Fleas are the most common external parasite in the world and are capable of making your pet absolutely miserable. If not promptly treated, they may even cause your companion to develop infections and other serious diseases. Here, our White House vets explain fleas' early signs and what to do if your pet becomes a host.
What are fleas?
Fleas are external parasites that rely on a host animal for survival. Unless steps are taken to break their lifecycle, adult fleas will continue to reproduce and thrive on your pet - and in your household.
What signs of flea infestation should I look for?
Cats and dogs may be allergic to the protein in flea saliva, which is why they often start to scratch as soon as a flea bites their skin. Even one flea bite may cause pets to scratch excessively and become agitated.
Besides the expected scratching, pimples and red bumps may appear on their belly, their behind and their groin. Your pet's constant itching of these areas will cause dry skin and hair loss. Lesions and infections may develop and lead to far more serious diseases if the fleas aren't promptly treated.
How can I check my pet for fleas?
Adult fleas are small and brown. They are relatively easy to spot with the naked eye.
It's a good idea to check your pet's brush or comb while you're grooming them. Having your pet lie on their side will let you have a closer look at areas with thin hair, such as the abdomen.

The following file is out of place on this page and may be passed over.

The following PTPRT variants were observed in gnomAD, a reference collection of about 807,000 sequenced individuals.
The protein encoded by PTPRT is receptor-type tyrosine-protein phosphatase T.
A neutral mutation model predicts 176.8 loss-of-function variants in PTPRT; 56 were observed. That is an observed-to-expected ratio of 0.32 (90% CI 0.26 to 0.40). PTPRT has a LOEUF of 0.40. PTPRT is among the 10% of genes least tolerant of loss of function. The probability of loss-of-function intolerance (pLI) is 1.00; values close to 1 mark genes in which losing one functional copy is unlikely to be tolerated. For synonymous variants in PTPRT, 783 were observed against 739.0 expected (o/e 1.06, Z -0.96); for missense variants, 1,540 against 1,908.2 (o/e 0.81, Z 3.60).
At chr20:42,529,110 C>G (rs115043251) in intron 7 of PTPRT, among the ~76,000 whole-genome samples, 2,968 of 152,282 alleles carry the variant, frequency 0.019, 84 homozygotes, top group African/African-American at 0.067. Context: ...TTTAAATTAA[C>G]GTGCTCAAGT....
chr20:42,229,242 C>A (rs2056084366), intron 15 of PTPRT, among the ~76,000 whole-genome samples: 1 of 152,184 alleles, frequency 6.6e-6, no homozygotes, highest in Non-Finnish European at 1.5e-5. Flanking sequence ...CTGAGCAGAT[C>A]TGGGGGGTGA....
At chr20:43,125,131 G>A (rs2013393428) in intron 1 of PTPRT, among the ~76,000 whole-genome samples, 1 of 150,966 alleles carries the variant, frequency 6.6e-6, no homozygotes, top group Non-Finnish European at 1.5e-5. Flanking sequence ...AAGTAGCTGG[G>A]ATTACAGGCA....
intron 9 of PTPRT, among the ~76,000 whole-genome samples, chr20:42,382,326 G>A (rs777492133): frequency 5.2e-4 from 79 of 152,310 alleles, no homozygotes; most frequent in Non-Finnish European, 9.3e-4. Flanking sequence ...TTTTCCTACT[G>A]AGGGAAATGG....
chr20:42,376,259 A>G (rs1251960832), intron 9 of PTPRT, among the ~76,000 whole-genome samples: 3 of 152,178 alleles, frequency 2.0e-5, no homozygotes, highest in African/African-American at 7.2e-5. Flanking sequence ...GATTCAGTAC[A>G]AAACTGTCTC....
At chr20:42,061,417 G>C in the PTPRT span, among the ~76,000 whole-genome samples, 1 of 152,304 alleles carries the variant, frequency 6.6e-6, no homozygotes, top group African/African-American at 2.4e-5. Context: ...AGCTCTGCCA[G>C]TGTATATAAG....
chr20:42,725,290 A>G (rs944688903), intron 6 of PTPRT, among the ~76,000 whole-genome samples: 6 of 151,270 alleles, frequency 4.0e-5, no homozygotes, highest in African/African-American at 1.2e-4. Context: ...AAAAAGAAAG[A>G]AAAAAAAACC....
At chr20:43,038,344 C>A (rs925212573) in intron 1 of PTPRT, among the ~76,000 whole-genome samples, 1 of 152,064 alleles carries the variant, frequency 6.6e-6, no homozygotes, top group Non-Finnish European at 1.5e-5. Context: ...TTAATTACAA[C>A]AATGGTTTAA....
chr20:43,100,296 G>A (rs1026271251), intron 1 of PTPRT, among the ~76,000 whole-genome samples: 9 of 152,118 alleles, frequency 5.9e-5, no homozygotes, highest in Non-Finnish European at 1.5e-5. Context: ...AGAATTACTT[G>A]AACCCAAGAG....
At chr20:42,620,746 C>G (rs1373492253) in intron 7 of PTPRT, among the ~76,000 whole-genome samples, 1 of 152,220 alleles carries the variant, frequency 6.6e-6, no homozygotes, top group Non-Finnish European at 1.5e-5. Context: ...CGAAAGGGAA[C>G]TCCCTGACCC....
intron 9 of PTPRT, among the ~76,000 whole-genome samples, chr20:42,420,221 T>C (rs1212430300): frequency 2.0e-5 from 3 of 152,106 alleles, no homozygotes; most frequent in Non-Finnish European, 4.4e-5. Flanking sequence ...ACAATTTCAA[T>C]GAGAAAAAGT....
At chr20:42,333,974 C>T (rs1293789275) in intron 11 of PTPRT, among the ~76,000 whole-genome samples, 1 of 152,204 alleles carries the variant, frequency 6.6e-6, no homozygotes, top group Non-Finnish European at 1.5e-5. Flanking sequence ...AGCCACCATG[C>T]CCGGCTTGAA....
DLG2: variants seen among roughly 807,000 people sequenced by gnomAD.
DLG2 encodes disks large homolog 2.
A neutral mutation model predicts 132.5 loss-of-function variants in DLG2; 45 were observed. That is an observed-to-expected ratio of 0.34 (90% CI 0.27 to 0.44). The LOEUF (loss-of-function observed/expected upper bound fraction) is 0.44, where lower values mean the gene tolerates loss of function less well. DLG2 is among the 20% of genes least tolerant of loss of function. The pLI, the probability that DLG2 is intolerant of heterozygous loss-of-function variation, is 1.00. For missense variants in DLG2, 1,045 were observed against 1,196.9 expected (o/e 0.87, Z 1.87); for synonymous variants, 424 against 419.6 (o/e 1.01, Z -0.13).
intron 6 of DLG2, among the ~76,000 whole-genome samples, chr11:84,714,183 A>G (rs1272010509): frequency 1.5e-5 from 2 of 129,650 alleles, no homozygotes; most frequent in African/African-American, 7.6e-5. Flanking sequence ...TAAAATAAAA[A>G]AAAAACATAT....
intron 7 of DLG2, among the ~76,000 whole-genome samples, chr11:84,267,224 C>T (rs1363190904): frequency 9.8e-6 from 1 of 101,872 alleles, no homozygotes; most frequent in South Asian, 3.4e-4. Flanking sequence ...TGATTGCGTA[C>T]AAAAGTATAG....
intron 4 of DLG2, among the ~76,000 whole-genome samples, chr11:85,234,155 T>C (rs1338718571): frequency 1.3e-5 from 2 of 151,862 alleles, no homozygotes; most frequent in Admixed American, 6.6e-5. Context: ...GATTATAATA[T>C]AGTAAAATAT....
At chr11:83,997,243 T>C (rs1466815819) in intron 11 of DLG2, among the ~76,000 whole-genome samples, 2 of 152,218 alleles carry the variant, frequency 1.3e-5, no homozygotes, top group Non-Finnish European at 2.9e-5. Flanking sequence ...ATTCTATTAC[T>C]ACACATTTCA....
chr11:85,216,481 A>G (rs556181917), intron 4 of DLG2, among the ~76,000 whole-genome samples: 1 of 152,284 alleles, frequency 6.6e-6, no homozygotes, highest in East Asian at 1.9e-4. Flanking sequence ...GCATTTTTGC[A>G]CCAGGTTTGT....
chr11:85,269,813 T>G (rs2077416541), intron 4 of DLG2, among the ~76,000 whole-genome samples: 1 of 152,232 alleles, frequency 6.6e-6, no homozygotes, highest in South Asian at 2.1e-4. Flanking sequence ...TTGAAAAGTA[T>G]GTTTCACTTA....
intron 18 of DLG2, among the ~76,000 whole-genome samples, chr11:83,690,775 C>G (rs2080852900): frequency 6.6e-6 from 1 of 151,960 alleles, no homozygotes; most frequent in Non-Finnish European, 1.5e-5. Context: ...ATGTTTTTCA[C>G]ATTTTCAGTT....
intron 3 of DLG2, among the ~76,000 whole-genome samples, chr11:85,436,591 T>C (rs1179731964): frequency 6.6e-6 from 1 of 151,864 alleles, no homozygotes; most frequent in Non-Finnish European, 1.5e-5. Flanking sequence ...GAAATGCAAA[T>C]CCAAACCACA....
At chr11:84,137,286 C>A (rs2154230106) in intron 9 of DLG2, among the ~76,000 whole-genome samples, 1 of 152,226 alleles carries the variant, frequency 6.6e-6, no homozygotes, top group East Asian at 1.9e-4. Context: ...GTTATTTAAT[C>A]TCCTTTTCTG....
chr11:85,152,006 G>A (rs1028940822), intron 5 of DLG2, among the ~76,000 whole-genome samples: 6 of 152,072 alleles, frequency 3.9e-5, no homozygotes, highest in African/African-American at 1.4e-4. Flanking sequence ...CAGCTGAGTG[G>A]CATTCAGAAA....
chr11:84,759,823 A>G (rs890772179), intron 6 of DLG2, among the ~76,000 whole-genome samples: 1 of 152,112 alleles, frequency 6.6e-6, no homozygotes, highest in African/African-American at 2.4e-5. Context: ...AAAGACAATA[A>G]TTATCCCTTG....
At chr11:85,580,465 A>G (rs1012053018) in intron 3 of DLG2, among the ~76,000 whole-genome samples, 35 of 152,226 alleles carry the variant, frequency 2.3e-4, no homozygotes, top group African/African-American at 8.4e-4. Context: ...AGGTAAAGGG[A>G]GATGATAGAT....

You may see "flea dirt". This looks similar to tiny grains of sand, or black pepper when wet. To check for flea dirt (feces), use a fine-tooth flea comb available at your vet's office to comb along your pet's back and underbelly. By standing your pet on a white towel or cloth while brushing them, you will be able to easily see any black droppings that fall from their fur.
What if I can’t find any fleas, but my pet is still scratching?
If you don't notice any signs of fleas but your pet is still scratching, schedule a checkup with your veterinarian. They will be able to run a skin test to check your pet for flea allergies as well as a whole host of other potential allergies. It may be the case that your pet is reacting to an entirely different kind of allergens hat is making them uncomfortable.
If my cat or dog does have fleas, how do I get rid of them?
A number of safe and effective treatments can be used to eliminate fleas, including shampoos, sprays, powders and topical liquids. You may need to visit your vet for prescription creams and antibiotics if your pet's case is more severe.
Early treatment and prevention are the first methods of choice to ensure your dog doesn't develop more serious issues in the future, as a result of fleas.